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Montevideo, April 29th 2017 - 05:29 UTC

States' legal challenges to Trump's revised travel ban keep mounting

Friday, March 10th 2017 - 07:53 UTC
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Washington state Attorney General Bob Ferguson said New York state also asked to join his state's legal effort. Washington state Attorney General Bob Ferguson said New York state also asked to join his state's legal effort.
Massachusetts Attorney General Maura Healey said the state is joining fellow states in challenging the revised travel ban. Massachusetts Attorney General Maura Healey said the state is joining fellow states in challenging the revised travel ban.
White House spokesman Sean Spicer said the administration believed the revised travel ban will stand up to legal scrutiny. White House spokesman Sean Spicer said the administration believed the revised travel ban will stand up to legal scrutiny.

Legal challenges against President Donald Trump's revised travel ban mounted Thursday as Washington State said it would renew its request to block the executive order and a judge granted Oregon's request to join the case.

 The events happened a day after Hawaii launched its own lawsuit, and Washington state Attorney General Bob Ferguson said New York state also asked to join his state's legal effort. Massachusetts Attorney General Maura Healey said the state is joining fellow states in challenging the revised travel ban.

Washington was the first state to sue over the original ban, which resulted in Judge James Robart in Seattle halting its implementation around the country. Ferguson said the state would ask Robart to rule that his temporary restraining order against the first ban applies to Trump's revised action.

“My message to President Trump is — not so fast,” Ferguson told reporters. “After spending more than a month to fix a broken order that he rushed out the door, the President's new order reinstates several of the same provisions and has the same illegal motivations as the original.”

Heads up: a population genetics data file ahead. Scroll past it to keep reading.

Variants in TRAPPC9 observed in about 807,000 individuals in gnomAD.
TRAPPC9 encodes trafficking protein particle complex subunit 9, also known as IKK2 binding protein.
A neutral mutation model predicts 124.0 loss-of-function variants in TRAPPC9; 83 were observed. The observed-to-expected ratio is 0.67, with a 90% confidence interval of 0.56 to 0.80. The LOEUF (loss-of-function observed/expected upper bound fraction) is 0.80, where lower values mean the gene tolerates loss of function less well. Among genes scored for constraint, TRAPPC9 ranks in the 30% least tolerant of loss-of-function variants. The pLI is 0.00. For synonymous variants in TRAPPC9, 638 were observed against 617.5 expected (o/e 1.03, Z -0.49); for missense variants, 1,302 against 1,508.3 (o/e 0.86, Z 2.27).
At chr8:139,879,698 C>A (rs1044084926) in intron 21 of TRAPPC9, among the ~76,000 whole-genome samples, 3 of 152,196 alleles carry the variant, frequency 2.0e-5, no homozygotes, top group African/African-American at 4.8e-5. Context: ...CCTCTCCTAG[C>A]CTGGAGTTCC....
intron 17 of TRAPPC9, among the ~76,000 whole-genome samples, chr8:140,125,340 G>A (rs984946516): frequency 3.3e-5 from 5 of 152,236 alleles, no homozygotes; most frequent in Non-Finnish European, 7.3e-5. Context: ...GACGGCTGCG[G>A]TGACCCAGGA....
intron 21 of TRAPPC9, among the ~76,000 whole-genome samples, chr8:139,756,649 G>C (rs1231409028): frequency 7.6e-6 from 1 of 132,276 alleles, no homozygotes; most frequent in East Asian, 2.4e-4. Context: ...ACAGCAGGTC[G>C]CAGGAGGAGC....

Robart on Thursday granted Oregon's request to join Washington and Minnesota in the case opposing the travel ban. Oregon Attorney General Ellen Rosenblum said the executive order has hurt Oregon, its residents, employers, agencies, educational institutions, health care system and economy.

Trump's revised ban bars new visas for people from six predominantly Muslim countries: Somalia, Iran, Syria, Sudan, Libya and Yemen. It also temporarily shuts down the U.S. refugee program. Unlike the initial order, the new one says current visa holders won't be affected, and removes language that would give priority to religious minorities.

White House spokesman Sean Spicer said Thursday the administration believed the revised travel ban will stand up to legal scrutiny.

“We feel very confident with how that was crafted and the input that was given,” Spicer said.

Ferguson said he was pleased that attorneys general from New York and Oregon had sought to take part in the legal action.

“We have a strong case and they are willing to join our efforts,” he said of his fellow Democrats. New York Attorney General Eric Schneiderman in a statement called the executive order “a Muslim ban by another name.”

Other states that have filed briefs supporting Washington's initial lawsuit include California, Connecticut, Delaware, Illinois, Iowa, Maine, Maryland, New Mexico, Pennsylvania, Rhode Island, Vermont and Virginia.

Categories: Politics, United States.

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